Considering a merger?

Monitor return on assets and eight other ratios

Once upon a time, credit union mergers were performed only out of necessity. In today’s vibrant marketplace, however, strategy tends to be a driving force for many CU combinations. According to Glenn Christensen, president of CEO Advisory Group, Kent, Wash., nine financial ratios should be used to monitor credit unions’ positions in the face of a potential merger and to evaluate the best next steps.

Here, we cover one ratio, return on assets. Get the other eight by reading Christensen’s full Center for Credit Union Board Excellence, “9 Ratios for Evaluating Whether Your CU Should Consider a Merger.”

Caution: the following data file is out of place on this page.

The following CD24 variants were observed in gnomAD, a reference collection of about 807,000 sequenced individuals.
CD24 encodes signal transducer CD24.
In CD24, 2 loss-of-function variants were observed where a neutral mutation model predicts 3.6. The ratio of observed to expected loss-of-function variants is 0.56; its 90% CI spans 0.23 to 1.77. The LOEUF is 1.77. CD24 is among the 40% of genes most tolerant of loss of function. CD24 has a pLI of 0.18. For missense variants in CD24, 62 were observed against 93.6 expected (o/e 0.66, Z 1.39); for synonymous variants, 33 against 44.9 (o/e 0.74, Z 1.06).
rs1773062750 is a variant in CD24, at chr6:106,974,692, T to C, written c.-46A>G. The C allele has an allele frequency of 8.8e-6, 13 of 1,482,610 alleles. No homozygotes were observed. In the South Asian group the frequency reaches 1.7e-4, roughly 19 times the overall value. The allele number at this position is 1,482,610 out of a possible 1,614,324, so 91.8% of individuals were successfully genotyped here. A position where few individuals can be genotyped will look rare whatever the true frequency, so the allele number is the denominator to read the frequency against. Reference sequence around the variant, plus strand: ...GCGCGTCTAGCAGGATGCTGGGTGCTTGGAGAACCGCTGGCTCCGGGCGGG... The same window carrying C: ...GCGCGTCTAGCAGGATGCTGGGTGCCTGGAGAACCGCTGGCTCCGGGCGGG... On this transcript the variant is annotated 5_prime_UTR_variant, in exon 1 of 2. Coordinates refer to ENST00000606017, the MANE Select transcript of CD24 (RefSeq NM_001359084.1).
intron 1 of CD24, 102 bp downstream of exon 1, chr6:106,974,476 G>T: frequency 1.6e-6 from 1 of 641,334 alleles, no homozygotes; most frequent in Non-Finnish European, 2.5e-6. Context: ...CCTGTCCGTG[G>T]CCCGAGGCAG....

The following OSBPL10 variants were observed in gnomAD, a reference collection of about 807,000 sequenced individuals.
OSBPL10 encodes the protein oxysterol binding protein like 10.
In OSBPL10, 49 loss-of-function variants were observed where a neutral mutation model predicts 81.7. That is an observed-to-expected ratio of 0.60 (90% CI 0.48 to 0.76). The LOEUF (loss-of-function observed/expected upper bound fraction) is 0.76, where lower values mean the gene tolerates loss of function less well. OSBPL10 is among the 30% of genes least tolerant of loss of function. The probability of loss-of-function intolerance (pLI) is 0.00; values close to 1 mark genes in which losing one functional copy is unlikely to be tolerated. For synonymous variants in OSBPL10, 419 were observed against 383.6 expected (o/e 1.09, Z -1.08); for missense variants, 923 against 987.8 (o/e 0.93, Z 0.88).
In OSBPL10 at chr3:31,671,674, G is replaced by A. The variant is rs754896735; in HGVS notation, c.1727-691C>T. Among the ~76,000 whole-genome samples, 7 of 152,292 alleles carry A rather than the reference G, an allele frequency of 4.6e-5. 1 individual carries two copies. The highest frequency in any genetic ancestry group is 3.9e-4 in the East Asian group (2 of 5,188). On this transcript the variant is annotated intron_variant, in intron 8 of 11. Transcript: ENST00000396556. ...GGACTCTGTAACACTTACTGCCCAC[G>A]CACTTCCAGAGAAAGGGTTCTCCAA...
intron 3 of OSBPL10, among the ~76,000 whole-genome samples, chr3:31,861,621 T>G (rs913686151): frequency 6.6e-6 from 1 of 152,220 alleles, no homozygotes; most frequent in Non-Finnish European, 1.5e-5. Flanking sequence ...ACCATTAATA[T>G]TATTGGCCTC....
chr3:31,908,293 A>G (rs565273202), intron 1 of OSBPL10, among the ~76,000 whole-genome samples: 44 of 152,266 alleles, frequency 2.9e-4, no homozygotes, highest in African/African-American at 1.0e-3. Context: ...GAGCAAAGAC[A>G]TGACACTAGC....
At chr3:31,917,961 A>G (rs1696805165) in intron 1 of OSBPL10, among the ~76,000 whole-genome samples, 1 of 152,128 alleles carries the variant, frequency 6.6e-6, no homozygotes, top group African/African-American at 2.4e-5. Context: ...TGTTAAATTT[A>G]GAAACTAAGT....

Long-term growth is limited by return on assets. Because CUs can only build capital through earnings, the earnings rate must be equal to, or in excess of, the asset growth rate. If this ratio is not met, net worth ratio will decline.

One of your board’s responsibilities is to truthfully answer whether you can sustain a sufficient ROA in the long run to maintain a healthy, competitive growth rate. Pay particular attention to negative earnings. NCUA reports, “54 percent of merging credit unions had negative return on average assets for three consecutive years prior to failure.”

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